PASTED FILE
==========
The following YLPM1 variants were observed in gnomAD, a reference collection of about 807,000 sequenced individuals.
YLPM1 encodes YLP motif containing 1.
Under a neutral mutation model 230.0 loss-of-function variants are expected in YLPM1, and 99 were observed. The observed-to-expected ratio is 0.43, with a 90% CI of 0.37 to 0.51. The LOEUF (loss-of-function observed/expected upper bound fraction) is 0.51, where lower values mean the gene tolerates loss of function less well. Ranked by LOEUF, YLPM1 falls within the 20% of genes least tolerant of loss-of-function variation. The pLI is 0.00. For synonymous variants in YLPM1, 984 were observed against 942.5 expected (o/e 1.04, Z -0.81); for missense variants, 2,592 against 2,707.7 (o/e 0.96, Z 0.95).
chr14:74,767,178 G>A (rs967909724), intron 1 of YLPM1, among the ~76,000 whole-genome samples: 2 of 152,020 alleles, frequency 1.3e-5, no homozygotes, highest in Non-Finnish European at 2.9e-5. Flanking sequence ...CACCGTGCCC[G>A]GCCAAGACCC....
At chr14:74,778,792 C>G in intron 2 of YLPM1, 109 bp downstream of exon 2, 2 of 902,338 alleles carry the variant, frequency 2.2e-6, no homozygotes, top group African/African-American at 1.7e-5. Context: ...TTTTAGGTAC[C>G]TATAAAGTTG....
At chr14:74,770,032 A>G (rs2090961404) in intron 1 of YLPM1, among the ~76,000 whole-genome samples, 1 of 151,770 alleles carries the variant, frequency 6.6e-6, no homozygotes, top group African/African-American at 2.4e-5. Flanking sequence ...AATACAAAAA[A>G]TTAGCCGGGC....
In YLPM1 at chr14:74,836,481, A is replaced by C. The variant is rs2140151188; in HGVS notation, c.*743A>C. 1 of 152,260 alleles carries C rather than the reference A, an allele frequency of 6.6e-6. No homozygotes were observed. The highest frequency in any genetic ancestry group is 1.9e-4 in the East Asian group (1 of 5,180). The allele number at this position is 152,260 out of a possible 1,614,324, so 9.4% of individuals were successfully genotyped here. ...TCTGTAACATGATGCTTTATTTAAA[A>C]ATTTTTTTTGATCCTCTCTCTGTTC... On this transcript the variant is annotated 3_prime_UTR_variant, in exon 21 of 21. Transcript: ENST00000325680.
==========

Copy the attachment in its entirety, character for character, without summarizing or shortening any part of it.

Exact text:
The following YLPM1 variants were observed in gnomAD, a reference collection of about 807,000 sequenced individuals.
YLPM1 encodes YLP motif containing 1.
Under a neutral mutation model 230.0 loss-of-function variants are expected in YLPM1, and 99 were observed. The observed-to-expected ratio is 0.43, with a 90% CI of 0.37 to 0.51. The LOEUF (loss-of-function observed/expected upper bound fraction) is 0.51, where lower values mean the gene tolerates loss of function less well. Ranked by LOEUF, YLPM1 falls within the 20% of genes least tolerant of loss-of-function variation. The pLI is 0.00. For synonymous variants in YLPM1, 984 were observed against 942.5 expected (o/e 1.04, Z -0.81); for missense variants, 2,592 against 2,707.7 (o/e 0.96, Z 0.95).
chr14:74,767,178 G>A (rs967909724), intron 1 of YLPM1, among the ~76,000 whole-genome samples: 2 of 152,020 alleles, frequency 1.3e-5, no homozygotes, highest in Non-Finnish European at 2.9e-5. Flanking sequence ...CACCGTGCCC[G>A]GCCAAGACCC....
At chr14:74,778,792 C>G in intron 2 of YLPM1, 109 bp downstream of exon 2, 2 of 902,338 alleles carry the variant, frequency 2.2e-6, no homozygotes, top group African/African-American at 1.7e-5. Context: ...TTTTAGGTAC[C>G]TATAAAGTTG....
At chr14:74,770,032 A>G (rs2090961404) in intron 1 of YLPM1, among the ~76,000 whole-genome samples, 1 of 151,770 alleles carries the variant, frequency 6.6e-6, no homozygotes, top group African/African-American at 2.4e-5. Flanking sequence ...AATACAAAAA[A>G]TTAGCCGGGC....
In YLPM1 at chr14:74,836,481, A is replaced by C. The variant is rs2140151188; in HGVS notation, c.*743A>C. 1 of 152,260 alleles carries C rather than the reference A, an allele frequency of 6.6e-6. No homozygotes were observed. The highest frequency in any genetic ancestry group is 1.9e-4 in the East Asian group (1 of 5,180). The allele number at this position is 152,260 out of a possible 1,614,324, so 9.4% of individuals were successfully genotyped here. ...TCTGTAACATGATGCTTTATTTAAA[A>C]ATTTTTTTTGATCCTCTCTCTGTTC... On this transcript the variant is annotated 3_prime_UTR_variant, in exon 21 of 21. Transcript: ENST00000325680.